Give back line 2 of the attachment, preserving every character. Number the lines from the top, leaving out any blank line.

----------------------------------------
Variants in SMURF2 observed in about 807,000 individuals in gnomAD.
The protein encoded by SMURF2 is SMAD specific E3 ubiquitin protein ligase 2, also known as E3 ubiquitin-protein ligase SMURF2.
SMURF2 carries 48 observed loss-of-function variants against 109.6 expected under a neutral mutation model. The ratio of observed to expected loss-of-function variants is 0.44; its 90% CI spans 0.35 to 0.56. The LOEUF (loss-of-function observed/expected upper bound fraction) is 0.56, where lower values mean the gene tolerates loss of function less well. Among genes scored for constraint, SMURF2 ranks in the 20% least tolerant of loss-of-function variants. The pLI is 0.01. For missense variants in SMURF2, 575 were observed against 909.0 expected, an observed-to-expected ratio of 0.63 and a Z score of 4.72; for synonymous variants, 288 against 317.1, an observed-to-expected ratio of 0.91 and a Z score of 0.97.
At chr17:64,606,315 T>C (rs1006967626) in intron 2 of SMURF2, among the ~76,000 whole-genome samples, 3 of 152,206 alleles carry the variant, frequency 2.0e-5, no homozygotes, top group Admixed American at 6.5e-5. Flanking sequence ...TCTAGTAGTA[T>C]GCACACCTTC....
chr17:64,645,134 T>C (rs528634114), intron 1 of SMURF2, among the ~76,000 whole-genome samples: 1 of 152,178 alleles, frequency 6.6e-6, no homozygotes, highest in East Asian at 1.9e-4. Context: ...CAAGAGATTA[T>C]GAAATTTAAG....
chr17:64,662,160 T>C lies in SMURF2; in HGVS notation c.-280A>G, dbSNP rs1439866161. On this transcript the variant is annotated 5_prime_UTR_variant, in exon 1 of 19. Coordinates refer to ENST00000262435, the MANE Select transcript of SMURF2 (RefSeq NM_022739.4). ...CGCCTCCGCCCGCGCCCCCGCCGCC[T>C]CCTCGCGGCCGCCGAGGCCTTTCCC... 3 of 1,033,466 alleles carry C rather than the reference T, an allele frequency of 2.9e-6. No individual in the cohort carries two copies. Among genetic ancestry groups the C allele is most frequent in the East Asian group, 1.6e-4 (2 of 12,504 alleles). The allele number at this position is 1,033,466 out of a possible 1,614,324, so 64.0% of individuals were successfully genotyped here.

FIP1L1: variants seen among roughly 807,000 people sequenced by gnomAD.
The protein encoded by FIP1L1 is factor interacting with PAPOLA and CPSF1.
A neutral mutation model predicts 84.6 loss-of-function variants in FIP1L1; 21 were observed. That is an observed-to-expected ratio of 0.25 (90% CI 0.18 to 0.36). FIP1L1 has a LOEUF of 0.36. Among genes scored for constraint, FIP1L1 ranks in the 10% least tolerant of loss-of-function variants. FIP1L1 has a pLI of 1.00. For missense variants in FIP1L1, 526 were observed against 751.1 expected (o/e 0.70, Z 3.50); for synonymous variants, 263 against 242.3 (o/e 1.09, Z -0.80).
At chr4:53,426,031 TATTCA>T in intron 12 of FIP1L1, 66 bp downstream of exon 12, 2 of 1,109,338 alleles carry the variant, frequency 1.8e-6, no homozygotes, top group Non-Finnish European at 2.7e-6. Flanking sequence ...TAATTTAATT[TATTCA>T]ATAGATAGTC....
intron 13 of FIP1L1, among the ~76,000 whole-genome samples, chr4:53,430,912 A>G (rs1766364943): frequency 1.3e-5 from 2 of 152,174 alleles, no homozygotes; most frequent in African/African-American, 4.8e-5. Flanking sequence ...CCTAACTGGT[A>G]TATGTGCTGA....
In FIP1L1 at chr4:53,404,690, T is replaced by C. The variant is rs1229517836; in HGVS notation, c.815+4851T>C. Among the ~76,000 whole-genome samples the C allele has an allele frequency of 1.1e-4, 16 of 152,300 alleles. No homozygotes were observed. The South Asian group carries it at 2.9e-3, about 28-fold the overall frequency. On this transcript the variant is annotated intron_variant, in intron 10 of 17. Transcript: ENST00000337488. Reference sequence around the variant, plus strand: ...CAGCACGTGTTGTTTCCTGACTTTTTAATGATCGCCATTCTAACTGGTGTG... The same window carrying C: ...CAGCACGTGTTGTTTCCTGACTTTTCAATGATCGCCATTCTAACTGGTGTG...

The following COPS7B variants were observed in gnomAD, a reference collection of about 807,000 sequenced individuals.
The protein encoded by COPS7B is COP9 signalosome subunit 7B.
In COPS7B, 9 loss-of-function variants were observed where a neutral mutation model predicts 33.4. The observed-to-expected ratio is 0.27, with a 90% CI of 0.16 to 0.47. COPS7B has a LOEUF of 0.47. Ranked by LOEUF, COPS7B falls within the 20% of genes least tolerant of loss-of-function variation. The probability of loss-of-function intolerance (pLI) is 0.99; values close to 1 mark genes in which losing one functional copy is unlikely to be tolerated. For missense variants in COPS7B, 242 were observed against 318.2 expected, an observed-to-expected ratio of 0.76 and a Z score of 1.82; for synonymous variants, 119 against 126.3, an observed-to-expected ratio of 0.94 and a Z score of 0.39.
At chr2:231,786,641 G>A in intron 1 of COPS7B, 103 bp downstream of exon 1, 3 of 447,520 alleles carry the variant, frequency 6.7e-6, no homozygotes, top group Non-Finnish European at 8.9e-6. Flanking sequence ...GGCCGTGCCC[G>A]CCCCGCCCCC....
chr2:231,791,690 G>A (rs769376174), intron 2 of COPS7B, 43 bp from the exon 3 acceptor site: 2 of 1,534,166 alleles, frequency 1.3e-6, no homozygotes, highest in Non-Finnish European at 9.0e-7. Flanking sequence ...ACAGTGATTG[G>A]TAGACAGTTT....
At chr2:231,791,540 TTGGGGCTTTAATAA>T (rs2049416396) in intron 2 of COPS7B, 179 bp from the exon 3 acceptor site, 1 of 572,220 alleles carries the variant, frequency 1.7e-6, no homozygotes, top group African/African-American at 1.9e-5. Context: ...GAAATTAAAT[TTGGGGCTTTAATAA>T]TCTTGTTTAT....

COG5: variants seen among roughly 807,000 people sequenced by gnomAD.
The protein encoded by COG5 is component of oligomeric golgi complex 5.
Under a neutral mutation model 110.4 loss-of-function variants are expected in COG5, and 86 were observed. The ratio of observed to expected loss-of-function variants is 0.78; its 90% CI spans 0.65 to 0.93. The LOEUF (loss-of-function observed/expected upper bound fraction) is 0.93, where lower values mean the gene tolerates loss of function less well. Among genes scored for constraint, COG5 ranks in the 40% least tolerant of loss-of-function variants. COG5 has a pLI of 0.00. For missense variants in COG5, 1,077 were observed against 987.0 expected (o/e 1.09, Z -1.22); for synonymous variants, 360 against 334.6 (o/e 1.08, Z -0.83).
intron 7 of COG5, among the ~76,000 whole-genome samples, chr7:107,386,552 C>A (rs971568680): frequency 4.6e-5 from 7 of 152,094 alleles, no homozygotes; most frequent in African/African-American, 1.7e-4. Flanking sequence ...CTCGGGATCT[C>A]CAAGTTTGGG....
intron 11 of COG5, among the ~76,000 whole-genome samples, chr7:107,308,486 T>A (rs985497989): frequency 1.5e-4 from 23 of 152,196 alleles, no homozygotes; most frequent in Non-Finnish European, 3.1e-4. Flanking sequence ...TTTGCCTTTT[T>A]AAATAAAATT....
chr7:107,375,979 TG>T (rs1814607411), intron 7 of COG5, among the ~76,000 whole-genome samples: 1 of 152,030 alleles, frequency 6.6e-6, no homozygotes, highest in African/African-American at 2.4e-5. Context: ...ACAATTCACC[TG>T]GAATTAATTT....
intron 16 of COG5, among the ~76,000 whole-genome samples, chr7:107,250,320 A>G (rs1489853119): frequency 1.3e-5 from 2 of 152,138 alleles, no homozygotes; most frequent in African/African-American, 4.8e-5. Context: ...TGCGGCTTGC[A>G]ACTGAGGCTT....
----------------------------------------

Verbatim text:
The protein encoded by SMURF2 is SMAD specific E3 ubiquitin protein ligase 2, also known as E3 ubiquitin-protein ligase SMURF2.